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Overview

concept by Nithinan Tatah from the Noun Project

Open Source Integration

The kglab package is mostly about integration. On the one hand, there are useful graph libraries, most of which don't share much common ground and can often be difficult to use together. One the other hand, there are the popular tools used for data science and data engineering, with expectation about how to repeat process, how to scale and leverage multi-cloud resources, etc.

Much of the role of kglab is to provide abstractions that make these integrations simpler, while fitting into the tools and processes that are expected by contemporary data teams in industry. The following figure shows a landscape diagram for how kglab fits into multiple technology stacks and related workflows:

Items shown in black have been implemented, while the items shown in blue are on our roadmap. We include use cases for most of what's implemented within the tutorial.

Just Enough Math, Edition 2

To be candid, kglab is partly a follow-up edition of Just Enough Math – which originally had the elevator pitch:

practical uses of advanced math for business execs (who probably didn't take +3 years of calculus) to understand big data use cases through hands-on coding experience plus case studies, histories of the key innovations and their innovators, and links to primary sources

JEM started as a book which – thanks to quick thinking by editor Ann Spencer – turned into a popular video+notebook series, followed by tutorials, and then a community focused on open source. Seven years later the field of data science has changed dramatically This time around, kglab starts as an open source Python library, with a notebook-based tutorial at its core, focused on a community and their business use cases.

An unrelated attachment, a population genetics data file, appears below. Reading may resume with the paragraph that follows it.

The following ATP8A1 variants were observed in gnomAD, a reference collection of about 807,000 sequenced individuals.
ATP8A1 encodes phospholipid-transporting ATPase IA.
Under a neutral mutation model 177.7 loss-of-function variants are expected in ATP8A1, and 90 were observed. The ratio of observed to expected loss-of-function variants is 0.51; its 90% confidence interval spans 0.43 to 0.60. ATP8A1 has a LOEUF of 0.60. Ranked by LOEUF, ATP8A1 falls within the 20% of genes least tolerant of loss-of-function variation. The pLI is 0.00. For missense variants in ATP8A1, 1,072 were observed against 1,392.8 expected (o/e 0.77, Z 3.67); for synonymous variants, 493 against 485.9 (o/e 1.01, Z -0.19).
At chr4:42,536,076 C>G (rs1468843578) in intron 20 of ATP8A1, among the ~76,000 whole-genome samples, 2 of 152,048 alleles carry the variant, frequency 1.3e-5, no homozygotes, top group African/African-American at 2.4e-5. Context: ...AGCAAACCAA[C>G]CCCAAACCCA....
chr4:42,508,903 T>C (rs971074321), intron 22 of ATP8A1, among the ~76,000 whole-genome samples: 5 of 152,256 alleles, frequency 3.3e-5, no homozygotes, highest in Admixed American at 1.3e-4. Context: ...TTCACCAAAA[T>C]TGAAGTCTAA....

The scope now is about graph-based data science, and perhaps someday this may spin-out a book or other learning materials.

Abstraction Layer

The overall intent of kglab is to build an abstraction layer for KG work in Python. This is provided as a library, not as a framework. It's difficult to imagine how to implement this kind of abstraction layer outside of a functional programming language.

Consider the fact that many dependencies have their origins in the Semantic Web. The ongoing work of W3C provides ontologies, standards, and other initiatives that are incredibly valuable for graph-based. That overall effort began in the 1990s, and arguably its momentum imploded circa 2005 – despite best intentions by brilliant individuals and quite capable organizations.

In retrospect, it was a classic case of a technology being "too early" since those efforts generally lacked the necessary compute resources and language constructs. The "Big Data" efforts did not really take off until a few years following 2005. For example, Apache Spark would never have been possible prior to the mid-2000s introduction of: the Scala language (2004), commodity multi-core processors (2005), cloud computing (2006), actor model (2006), and so on.

Arguably, many challenges faced by the Semantic Web developer community can be traced to their nearly-exclusive focus on using Java, C, or C++ for reference implementions of their proposed standards. They did not benefit from so many of the learnings about distributed systems which arrived a decade later.

In particular, applicative systems leverage functional programming constructs to implement valuable uses of advanced math when working with data at scale. This allows for cost-effective parallel processing that is relatively simple to use. As a "thought exercise" consider how the semantic technologies may have differed if they'd been launched after Spark became popular? Stated differently, kglab is a direct exploration of how semantic technologies and other graph-based techniques can be improved by using contemporary distributed systems as a foundation.

Python 3.x provides just enough of a foundation as a functional programming language – e.g., classes, type annotations, closures, and so on – to make kglab feasible. While perhaps this might be simpler to write in Clojure, Scala, Haskell, etc., those languages lack enough "critical mass" in terms of graph libraries or user communities to sustain this kind of open source project.


Last update: 2021-04-17